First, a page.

Boundary Issues in Psychotherapy
"A boundary violation is something in which the patient feels exploited, something that is not discussible between the therapist and patient, and which often is a repetitive phenomenon within the therapy." Glen Gabbard
Historically, boundary violations for psychotherapists were understood to mean sexual contact with clients. Over the past twenty years, the concept of boundary violations has been expanded to encompass all aspects of the therapeutic relationship. In this video series, Glen Gabbard and others describe the many ways in which boundary issues may surface in a therapists work, and outlines strategies for the prevention of boundary violations. Released 1997.
Uncertain Borders I: Boundary Issues
(#251, 47 min.)
Boundary Crossings and Violations
Role of the Therapist
Time and Place of Therapy
Money, Gifts, Services
Clothing, Language, Touch
Need for consultation and supervision
Uncertain Borders II: Sexual Boundary Violations
(#252, 39 min.)
Incidence; Damage Done to Clients
How Sexual Relationships Start
Therapists' Needs and Lack of Self-Care
The Rescue Fantasy
Trauma Survivors' Need For Boundaries
Purchase: One VHS/DVD $150, both $250
Rental: One VHS/DVD $50, both $85
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About the Presenters
Glen O. Gabbard, MD is Bessie Walker Calloway Distinguished Professor of Psychoanalysis and Education in the Menninger School of Psychiatry and Mental Health Sciences at the Menninger Clinic, and director of the Topeka Institute for Psychoanalysis. He is author of Boundaries and Boundary Violations in Psychoanalysis.
Nanette K. Gartrell, MD is Associate Clinical Professor of Psychiatry at the University of California, San Francisco, where she teaches ethics and feminist therapy theory. She has a private psychotherapy practice in San Francisco.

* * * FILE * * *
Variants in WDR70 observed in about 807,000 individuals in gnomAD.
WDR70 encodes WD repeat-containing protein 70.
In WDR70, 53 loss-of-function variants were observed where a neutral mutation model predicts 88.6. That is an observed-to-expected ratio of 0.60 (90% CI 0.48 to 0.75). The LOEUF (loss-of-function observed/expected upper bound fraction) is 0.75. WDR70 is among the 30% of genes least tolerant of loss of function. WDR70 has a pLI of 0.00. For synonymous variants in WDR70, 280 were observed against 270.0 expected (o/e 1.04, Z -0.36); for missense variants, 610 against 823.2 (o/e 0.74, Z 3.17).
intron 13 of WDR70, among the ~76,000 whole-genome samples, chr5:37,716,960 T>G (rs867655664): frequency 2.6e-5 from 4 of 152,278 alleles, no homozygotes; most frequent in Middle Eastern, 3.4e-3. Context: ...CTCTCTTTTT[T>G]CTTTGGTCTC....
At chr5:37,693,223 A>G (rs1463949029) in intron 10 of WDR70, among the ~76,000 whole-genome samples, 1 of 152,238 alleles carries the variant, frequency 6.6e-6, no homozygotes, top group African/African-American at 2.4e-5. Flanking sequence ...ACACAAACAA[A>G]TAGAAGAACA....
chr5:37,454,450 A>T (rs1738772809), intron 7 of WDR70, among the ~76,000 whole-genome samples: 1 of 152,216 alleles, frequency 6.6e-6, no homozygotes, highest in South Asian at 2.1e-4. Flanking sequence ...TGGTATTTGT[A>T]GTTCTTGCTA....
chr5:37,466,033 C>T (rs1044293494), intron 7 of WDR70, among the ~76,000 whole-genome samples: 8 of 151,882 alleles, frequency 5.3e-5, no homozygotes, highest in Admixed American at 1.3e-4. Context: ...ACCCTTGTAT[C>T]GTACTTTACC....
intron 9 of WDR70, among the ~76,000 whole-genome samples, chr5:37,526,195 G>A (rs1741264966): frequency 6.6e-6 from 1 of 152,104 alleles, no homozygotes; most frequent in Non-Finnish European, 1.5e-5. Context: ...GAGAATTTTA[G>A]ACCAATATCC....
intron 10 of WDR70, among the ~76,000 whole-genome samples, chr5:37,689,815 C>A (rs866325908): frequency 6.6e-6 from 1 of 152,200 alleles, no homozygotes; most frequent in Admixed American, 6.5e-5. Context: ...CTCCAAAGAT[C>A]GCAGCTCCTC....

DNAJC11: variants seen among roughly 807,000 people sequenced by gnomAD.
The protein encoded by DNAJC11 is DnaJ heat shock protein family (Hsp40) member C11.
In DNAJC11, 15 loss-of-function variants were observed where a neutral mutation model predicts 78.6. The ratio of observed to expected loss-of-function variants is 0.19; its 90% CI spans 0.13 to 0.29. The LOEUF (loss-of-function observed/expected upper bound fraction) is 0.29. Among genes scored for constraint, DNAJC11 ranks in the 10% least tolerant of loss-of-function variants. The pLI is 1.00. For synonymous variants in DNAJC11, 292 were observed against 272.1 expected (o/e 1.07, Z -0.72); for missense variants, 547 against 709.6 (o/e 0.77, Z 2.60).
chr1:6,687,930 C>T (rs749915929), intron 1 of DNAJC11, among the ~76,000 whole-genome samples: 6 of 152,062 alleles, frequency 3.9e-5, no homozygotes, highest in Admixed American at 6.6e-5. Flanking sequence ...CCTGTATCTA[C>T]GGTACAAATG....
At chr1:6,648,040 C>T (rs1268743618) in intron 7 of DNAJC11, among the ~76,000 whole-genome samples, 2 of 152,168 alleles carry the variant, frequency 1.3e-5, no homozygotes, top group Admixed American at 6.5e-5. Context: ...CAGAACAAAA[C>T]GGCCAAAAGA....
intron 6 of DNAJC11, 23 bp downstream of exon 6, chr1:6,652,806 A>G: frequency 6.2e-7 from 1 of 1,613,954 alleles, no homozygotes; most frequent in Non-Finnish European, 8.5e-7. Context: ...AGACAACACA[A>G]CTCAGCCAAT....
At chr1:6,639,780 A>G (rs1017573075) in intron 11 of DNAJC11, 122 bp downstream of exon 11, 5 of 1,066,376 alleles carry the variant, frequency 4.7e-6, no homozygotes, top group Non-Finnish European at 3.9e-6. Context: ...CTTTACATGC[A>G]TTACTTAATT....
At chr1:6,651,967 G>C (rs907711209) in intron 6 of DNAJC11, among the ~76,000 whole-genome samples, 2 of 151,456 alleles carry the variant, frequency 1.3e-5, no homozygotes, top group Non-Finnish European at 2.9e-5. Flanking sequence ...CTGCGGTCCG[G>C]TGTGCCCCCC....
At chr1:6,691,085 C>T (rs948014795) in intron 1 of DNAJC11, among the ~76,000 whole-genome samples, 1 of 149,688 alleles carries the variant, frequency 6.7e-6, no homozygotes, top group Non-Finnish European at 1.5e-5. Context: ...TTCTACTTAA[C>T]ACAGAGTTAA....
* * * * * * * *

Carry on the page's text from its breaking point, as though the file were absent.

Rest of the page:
Thomas G. Gutheil, MD is Co-Director of the Program in Psychiatry and the Law, Massachusetts Mental Health Center, Harvard Medical School, and Director, Charles C. Gaughan Fellowship in Forensic and Correctional Psychiatry, Bridgewater State Hospital. He is also Professor of Psychiatry, Harvard Medical School, and the author of nearly 200 articles, book chapters and books..
Richard P. Kluft, MD, PhD practices psychiatry in Philadelphia. He is Clinical Professor of Psychiatry at Temple University School of Medicine, and Visiting Lecturer at Harvard Medical School. He is author of over 225 scientific articles and book chapters, and is Editor-in-Chief of the journal Dissociation.
Laurie Anne Pearlman, PhD is Director of Research at the Traumatic Stress Institute. She is co-author with Karen Saakvitne of Trauma and the Therapist.
Anne C. Pratt, PhD (drannepratt.com) is a forensic psychologist who practices in Springfield, MA.
The Trainer’s Guide
The 27-page trainer’s guide includes objectives, reproducible outlines for note-taking, review and discussion questions, a resource list, and a journal article, described below.
Gutheil and Gabbard’s article, "The Concept of Boundaries in Clinical Practice: Theoretical and Risk-Management Dimensions," is abstracted as follows:
The authors systematically examine the concept of boundaries and boundary violations in clinical practice, particularly as they relate to recent sexual misconduct litigation. The selectively review the literature on the subject and identify critical areas that require explication in terms of harmful versus nonharmful boundary issues short of sexual misconduct. These areas include role; time; place and space; money; gifts, services, and related matters; clothing; language; self-disclosure and related matters; and physical contact. While broad guidelines are helpful, the specific impact of a particular boundary crossing can only be assessed by careful attention to the clinical context. Heightened awareness of the concepts of boundaries, boundary crossings, and boundary violations will both improve patient care and contribute to effective risk management.experiences promotes taming of terror and desomatization of traumatic memories.